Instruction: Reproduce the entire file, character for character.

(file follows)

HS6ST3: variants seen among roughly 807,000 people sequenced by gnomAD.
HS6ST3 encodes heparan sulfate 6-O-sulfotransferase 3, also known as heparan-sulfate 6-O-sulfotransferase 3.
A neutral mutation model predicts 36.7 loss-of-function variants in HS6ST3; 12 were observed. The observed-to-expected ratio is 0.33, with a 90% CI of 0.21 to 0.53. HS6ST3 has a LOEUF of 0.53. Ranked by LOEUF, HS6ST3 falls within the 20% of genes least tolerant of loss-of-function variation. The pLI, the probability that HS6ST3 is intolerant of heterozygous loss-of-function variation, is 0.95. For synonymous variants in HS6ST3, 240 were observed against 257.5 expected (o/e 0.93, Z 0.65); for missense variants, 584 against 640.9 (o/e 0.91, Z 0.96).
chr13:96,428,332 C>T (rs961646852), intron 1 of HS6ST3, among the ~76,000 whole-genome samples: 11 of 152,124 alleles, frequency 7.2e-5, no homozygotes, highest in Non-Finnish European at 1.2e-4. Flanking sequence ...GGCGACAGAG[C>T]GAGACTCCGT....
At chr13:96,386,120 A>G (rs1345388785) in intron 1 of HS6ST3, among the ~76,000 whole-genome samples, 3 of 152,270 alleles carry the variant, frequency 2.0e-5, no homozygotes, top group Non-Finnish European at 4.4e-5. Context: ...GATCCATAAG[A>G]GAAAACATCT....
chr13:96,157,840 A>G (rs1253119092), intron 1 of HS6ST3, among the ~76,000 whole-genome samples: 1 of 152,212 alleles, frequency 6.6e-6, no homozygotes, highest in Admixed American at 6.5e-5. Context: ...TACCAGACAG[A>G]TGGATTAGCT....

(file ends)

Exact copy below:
HS6ST3: variants seen among roughly 807,000 people sequenced by gnomAD.
HS6ST3 encodes heparan sulfate 6-O-sulfotransferase 3, also known as heparan-sulfate 6-O-sulfotransferase 3.
A neutral mutation model predicts 36.7 loss-of-function variants in HS6ST3; 12 were observed. The observed-to-expected ratio is 0.33, with a 90% CI of 0.21 to 0.53. HS6ST3 has a LOEUF of 0.53. Ranked by LOEUF, HS6ST3 falls within the 20% of genes least tolerant of loss-of-function variation. The pLI, the probability that HS6ST3 is intolerant of heterozygous loss-of-function variation, is 0.95. For synonymous variants in HS6ST3, 240 were observed against 257.5 expected (o/e 0.93, Z 0.65); for missense variants, 584 against 640.9 (o/e 0.91, Z 0.96).
chr13:96,428,332 C>T (rs961646852), intron 1 of HS6ST3, among the ~76,000 whole-genome samples: 11 of 152,124 alleles, frequency 7.2e-5, no homozygotes, highest in Non-Finnish European at 1.2e-4. Flanking sequence ...GGCGACAGAG[C>T]GAGACTCCGT....
At chr13:96,386,120 A>G (rs1345388785) in intron 1 of HS6ST3, among the ~76,000 whole-genome samples, 3 of 152,270 alleles carry the variant, frequency 2.0e-5, no homozygotes, top group Non-Finnish European at 4.4e-5. Context: ...GATCCATAAG[A>G]GAAAACATCT....
chr13:96,157,840 A>G (rs1253119092), intron 1 of HS6ST3, among the ~76,000 whole-genome samples: 1 of 152,212 alleles, frequency 6.6e-6, no homozygotes, highest in Admixed American at 6.5e-5. Context: ...TACCAGACAG[A>G]TGGATTAGCT....